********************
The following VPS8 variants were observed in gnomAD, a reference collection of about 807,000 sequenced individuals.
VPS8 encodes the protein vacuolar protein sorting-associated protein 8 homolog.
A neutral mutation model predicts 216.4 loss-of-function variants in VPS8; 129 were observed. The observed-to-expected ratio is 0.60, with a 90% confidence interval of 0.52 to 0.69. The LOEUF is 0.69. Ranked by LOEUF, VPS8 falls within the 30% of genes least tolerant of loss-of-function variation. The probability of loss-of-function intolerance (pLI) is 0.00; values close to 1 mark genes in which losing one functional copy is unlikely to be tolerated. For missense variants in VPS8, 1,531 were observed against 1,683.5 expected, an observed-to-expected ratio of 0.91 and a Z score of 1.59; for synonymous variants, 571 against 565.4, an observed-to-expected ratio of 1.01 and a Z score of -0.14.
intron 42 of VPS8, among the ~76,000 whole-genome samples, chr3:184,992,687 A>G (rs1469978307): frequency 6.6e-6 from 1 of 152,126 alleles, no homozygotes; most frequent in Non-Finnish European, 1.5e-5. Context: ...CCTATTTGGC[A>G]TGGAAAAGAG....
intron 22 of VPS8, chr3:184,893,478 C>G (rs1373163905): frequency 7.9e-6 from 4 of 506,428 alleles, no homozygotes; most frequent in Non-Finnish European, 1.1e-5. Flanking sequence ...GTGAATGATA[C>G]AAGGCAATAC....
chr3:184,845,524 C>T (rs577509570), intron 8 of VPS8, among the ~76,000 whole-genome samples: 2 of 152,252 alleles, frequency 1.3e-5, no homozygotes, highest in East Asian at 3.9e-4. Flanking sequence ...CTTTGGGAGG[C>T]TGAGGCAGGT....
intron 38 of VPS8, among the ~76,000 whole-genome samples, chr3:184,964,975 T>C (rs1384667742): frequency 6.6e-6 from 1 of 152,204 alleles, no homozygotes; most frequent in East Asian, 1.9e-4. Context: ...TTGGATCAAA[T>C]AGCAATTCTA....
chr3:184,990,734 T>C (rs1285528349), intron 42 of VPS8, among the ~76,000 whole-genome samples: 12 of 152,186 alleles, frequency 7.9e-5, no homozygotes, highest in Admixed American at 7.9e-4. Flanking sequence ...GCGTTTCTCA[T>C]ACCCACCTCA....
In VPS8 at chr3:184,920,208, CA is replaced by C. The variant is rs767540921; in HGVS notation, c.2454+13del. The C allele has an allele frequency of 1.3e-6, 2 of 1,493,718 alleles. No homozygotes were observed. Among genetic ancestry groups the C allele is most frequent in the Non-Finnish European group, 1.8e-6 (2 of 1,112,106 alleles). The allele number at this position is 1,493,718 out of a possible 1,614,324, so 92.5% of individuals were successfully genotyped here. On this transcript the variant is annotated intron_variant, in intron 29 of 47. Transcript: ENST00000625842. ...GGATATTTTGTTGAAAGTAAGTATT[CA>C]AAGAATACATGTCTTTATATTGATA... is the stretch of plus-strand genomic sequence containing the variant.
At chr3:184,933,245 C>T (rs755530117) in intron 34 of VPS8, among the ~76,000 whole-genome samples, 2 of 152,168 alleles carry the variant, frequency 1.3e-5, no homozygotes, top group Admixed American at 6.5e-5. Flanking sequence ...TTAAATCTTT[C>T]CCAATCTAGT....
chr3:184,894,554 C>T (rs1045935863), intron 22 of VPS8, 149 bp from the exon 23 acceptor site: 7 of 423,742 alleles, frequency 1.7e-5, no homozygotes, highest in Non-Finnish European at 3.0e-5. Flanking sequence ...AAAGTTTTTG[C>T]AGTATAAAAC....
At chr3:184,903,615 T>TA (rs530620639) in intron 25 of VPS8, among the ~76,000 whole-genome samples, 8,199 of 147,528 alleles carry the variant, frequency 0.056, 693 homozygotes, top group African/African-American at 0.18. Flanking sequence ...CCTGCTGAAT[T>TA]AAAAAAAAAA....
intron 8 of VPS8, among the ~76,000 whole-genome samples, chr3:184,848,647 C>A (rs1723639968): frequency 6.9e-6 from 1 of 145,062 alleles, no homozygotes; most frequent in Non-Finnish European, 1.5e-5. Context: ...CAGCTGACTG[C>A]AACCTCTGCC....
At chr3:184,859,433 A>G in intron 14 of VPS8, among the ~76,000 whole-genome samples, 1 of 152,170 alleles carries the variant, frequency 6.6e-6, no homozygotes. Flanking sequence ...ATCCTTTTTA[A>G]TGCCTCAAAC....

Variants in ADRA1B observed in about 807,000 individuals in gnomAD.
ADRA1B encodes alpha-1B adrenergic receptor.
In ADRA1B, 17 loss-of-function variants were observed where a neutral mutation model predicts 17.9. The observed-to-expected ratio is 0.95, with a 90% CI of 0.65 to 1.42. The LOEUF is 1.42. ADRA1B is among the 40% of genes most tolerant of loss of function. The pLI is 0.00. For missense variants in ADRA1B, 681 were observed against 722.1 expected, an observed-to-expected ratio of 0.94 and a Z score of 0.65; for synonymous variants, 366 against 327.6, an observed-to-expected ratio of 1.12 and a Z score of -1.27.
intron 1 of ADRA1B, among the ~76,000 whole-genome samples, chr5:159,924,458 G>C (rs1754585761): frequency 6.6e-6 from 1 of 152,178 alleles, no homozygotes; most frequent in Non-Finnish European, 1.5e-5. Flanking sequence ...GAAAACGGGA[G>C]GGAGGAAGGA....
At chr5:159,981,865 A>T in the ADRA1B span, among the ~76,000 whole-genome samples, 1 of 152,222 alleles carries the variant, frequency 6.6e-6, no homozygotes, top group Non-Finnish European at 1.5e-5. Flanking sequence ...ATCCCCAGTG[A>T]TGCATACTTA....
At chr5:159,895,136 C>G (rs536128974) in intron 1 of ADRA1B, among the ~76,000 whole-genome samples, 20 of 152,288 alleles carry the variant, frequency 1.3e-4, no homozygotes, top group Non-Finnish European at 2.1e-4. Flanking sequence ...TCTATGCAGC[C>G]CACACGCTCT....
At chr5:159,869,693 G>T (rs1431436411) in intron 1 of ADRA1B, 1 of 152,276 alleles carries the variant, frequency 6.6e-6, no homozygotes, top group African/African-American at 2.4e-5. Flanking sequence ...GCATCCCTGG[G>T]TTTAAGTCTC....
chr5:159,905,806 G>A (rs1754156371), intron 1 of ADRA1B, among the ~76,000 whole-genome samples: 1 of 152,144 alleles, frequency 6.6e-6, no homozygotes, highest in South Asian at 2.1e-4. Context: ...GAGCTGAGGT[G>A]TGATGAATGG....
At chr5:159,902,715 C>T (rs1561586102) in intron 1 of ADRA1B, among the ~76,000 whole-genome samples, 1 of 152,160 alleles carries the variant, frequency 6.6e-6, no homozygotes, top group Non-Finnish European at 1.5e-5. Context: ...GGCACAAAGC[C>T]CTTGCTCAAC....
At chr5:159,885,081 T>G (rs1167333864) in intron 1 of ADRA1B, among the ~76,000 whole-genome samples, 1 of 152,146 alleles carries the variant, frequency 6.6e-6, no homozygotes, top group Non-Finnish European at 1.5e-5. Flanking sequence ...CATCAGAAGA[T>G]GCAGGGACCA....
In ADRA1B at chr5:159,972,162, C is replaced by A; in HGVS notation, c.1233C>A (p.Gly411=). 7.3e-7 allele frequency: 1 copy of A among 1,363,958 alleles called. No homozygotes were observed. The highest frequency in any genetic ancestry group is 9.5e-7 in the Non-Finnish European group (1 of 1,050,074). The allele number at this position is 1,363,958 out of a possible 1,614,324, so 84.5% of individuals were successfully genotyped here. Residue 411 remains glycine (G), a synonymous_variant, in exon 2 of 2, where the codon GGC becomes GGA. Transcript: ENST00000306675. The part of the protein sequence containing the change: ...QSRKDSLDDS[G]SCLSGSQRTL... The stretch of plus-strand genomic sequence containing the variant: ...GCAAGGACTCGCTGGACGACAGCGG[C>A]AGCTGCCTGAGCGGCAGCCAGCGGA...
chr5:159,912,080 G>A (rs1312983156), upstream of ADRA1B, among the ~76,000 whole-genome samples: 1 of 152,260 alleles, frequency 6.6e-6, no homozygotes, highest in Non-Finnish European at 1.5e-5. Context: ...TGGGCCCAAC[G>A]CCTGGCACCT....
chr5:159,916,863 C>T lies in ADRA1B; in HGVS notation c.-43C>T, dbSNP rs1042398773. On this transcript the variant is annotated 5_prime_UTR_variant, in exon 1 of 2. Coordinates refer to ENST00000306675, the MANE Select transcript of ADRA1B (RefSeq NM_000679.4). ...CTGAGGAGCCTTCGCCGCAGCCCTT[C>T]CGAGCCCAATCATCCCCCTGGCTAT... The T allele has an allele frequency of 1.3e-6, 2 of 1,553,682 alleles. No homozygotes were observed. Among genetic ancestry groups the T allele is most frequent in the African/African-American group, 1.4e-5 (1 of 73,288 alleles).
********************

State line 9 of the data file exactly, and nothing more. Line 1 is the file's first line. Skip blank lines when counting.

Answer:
In VPS8 at chr3:184,920,208, CA is replaced by C. The variant is rs767540921; in HGVS notation, c.2454+13del. The C allele has an allele frequency of 1.3e-6, 2 of 1,493,718 alleles. No homozygotes were observed. Among genetic ancestry groups the C allele is most frequent in the Non-Finnish European group, 1.8e-6 (2 of 1,112,106 alleles). The allele number at this position is 1,493,718 out of a possible 1,614,324, so 92.5% of individuals were successfully genotyped here. On this transcript the variant is annotated intron_variant, in intron 29 of 47. Transcript: ENST00000625842. ...GGATATTTTGTTGAAAGTAAGTATT[CA>C]AAGAATACATGTCTTTATATTGATA... is the stretch of plus-strand genomic sequence containing the variant.